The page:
Quincy Latimore, Joel Guzman, Randal Grichuk

Height: 6-2 Weight: 215 Throws: R

2013 20 A+ 480 21 6 16 0.256 0.294 0.437 0.180 4.8% 32.1% 105
2014 21 AA 474 27 5 18 0.271 0.311 0.478 0.207 5.1% 30.6% 114
2015 22 AA 224 7 2 5 0.314 0.353 0.441 0.127 4.9% 21.0% 127
2015 22 AAA 291 11 4 10 0.246 0.285 0.424 0.178 4.1% 26.1% 103

Background: A toolsy, stat-stuffing free-swinger from the Dominican Republic, Garcia’s first half of 2015 just offered up a glimpse of what type of production he’s capable of: appearing back in Class AA after a solid showing two years ago, the 6-foot-2, 215-pound outfielder hit .314/.353/.441 with seven doubles, a pair of triples, five homeruns, and three stolen bases to go along with a career best 127 wRC+. The organization’s brain-trust bumped Garcia up to the International League in mid-June, and after a bit of an adjustment period – he batted .167/.191/.212 in his first 18 games – he slugged .271/.314/.490 the rest of the way. Overall, Garcia finished the year with an aggregate .275/.314/.431triple-slash line, hitting 18 doubles, half a dozen triples, 15 homeruns, and four stolen bases in 10 attempts.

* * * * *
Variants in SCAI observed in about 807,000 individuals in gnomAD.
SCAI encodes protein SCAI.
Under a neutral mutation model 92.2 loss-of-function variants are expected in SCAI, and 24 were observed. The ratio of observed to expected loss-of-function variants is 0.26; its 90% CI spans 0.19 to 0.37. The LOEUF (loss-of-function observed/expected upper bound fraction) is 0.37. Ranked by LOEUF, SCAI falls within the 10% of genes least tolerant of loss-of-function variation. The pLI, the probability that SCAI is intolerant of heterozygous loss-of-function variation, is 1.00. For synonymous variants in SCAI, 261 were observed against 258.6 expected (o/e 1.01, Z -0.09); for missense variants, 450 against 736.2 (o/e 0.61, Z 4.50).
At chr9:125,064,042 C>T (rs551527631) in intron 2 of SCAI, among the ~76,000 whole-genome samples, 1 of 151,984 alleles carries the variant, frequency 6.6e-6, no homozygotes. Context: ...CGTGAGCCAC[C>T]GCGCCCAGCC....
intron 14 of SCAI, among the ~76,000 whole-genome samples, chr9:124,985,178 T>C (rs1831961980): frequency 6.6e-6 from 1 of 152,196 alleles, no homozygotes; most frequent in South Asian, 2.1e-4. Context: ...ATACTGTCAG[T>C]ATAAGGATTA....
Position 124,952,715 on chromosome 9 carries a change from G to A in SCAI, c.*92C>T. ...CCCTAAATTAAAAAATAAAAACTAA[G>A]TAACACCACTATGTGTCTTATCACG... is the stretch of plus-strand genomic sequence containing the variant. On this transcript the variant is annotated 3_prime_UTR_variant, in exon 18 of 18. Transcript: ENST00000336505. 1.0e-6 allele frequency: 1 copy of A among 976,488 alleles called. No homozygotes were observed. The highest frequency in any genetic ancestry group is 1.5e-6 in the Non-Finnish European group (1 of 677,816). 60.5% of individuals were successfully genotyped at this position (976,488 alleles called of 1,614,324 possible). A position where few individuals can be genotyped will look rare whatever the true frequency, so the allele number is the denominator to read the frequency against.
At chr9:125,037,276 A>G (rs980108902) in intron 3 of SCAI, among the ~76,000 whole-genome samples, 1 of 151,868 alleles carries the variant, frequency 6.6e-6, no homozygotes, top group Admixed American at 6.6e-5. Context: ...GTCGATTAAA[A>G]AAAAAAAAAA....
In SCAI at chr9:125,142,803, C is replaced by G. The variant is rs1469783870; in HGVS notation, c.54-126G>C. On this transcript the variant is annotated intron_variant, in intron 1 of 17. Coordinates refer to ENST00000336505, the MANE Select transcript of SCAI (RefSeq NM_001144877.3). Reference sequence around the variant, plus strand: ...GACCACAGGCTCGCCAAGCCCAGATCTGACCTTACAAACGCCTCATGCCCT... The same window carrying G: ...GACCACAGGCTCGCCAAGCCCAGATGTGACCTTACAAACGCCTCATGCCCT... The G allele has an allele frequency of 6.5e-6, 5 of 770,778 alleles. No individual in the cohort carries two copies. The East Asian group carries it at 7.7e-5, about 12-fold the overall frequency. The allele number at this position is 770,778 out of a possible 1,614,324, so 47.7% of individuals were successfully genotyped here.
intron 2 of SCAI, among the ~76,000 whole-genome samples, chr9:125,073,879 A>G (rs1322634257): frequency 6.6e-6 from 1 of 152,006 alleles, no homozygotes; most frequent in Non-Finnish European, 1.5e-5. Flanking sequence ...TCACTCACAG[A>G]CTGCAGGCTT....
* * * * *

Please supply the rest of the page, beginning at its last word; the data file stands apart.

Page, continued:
Projection: There’s an awful lot to like about Garcia as a prospect – a package built around speed and power – but his abhorrence to the walk rate will ultimately limit his overall ceiling. He was able to trim off a noticeable amount off of his strikeout rate the second time through the Eastern League, but it spiked back up to just over 26% in Class AAA. The best case scenario, according to CAL, would be St. Louis’ Randal Chichuk, another outfielder with questionable strikeout rates, above-average power, and low walk totals.

Ceiling: 2.0- to 2.5-win player

Risk: Moderate

MLB ETA: 2016


7. Kevin Newman, SS                                               
Born: 08/04/93 Age: 22 Bats: R Top CALs: N/A


Height: 6-1 Weight: 180 Throws: R

2015 21 A- 173 10 1 2 0.226 0.281 0.340 0.113 5.8% 12.7% 85
2015 21 A 110 4 1 0 0.306 0.376 0.367 0.061 8.2% 7.3% 118

Background: For the second consecutive season the Pirates tabbed a shortstop with their first pick in the draft, this time, though, dipping into the collegiate ranks and selecting University of Arizona’s Kevin Newman. The 6-foot-1, 180-pounder hit .337/.396/.421 in his storied three-year career.

Projection: Here’s what I wrote prior to last year’s draft: